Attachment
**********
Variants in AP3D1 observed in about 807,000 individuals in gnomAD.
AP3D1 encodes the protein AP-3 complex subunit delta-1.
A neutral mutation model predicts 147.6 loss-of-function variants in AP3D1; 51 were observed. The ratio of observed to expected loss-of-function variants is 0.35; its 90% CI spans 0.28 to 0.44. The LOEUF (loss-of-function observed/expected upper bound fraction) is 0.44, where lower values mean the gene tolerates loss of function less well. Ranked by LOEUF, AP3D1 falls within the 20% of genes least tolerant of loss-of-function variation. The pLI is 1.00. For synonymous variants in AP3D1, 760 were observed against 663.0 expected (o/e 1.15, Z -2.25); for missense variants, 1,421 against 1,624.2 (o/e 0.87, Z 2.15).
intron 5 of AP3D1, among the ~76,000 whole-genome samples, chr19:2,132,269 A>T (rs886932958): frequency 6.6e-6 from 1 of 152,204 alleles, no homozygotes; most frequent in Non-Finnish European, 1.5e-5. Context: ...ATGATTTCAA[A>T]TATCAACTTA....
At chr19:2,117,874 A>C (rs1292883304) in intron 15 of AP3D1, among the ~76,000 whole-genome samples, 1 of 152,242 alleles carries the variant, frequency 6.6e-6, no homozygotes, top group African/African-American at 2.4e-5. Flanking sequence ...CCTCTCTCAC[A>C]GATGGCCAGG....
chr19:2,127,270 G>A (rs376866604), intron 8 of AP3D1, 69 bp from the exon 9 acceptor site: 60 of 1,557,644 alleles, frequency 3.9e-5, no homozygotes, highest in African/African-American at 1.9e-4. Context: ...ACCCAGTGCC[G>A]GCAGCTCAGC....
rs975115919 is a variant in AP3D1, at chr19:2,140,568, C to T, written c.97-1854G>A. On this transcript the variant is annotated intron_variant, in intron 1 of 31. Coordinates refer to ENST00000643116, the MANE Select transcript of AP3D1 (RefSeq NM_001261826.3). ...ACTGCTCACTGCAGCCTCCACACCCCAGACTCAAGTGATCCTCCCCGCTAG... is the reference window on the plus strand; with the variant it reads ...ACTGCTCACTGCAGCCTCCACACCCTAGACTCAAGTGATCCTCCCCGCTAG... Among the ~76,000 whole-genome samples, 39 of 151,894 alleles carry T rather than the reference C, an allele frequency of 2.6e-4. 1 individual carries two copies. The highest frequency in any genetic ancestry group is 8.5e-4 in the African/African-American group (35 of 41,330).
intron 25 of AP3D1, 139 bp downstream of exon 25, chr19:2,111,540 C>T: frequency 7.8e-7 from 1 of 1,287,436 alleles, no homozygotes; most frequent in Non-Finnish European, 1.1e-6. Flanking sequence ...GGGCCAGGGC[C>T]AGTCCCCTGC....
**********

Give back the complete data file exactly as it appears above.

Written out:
Variants in AP3D1 observed in about 807,000 individuals in gnomAD.
AP3D1 encodes the protein AP-3 complex subunit delta-1.
A neutral mutation model predicts 147.6 loss-of-function variants in AP3D1; 51 were observed. The ratio of observed to expected loss-of-function variants is 0.35; its 90% CI spans 0.28 to 0.44. The LOEUF (loss-of-function observed/expected upper bound fraction) is 0.44, where lower values mean the gene tolerates loss of function less well. Ranked by LOEUF, AP3D1 falls within the 20% of genes least tolerant of loss-of-function variation. The pLI is 1.00. For synonymous variants in AP3D1, 760 were observed against 663.0 expected (o/e 1.15, Z -2.25); for missense variants, 1,421 against 1,624.2 (o/e 0.87, Z 2.15).
intron 5 of AP3D1, among the ~76,000 whole-genome samples, chr19:2,132,269 A>T (rs886932958): frequency 6.6e-6 from 1 of 152,204 alleles, no homozygotes; most frequent in Non-Finnish European, 1.5e-5. Context: ...ATGATTTCAA[A>T]TATCAACTTA....
At chr19:2,117,874 A>C (rs1292883304) in intron 15 of AP3D1, among the ~76,000 whole-genome samples, 1 of 152,242 alleles carries the variant, frequency 6.6e-6, no homozygotes, top group African/African-American at 2.4e-5. Flanking sequence ...CCTCTCTCAC[A>C]GATGGCCAGG....
chr19:2,127,270 G>A (rs376866604), intron 8 of AP3D1, 69 bp from the exon 9 acceptor site: 60 of 1,557,644 alleles, frequency 3.9e-5, no homozygotes, highest in African/African-American at 1.9e-4. Context: ...ACCCAGTGCC[G>A]GCAGCTCAGC....
rs975115919 is a variant in AP3D1, at chr19:2,140,568, C to T, written c.97-1854G>A. On this transcript the variant is annotated intron_variant, in intron 1 of 31. Coordinates refer to ENST00000643116, the MANE Select transcript of AP3D1 (RefSeq NM_001261826.3). ...ACTGCTCACTGCAGCCTCCACACCCCAGACTCAAGTGATCCTCCCCGCTAG... is the reference window on the plus strand; with the variant it reads ...ACTGCTCACTGCAGCCTCCACACCCTAGACTCAAGTGATCCTCCCCGCTAG... Among the ~76,000 whole-genome samples, 39 of 151,894 alleles carry T rather than the reference C, an allele frequency of 2.6e-4. 1 individual carries two copies. The highest frequency in any genetic ancestry group is 8.5e-4 in the African/African-American group (35 of 41,330).
intron 25 of AP3D1, 139 bp downstream of exon 25, chr19:2,111,540 C>T: frequency 7.8e-7 from 1 of 1,287,436 alleles, no homozygotes; most frequent in Non-Finnish European, 1.1e-6. Flanking sequence ...GGGCCAGGGC[C>T]AGTCCCCTGC....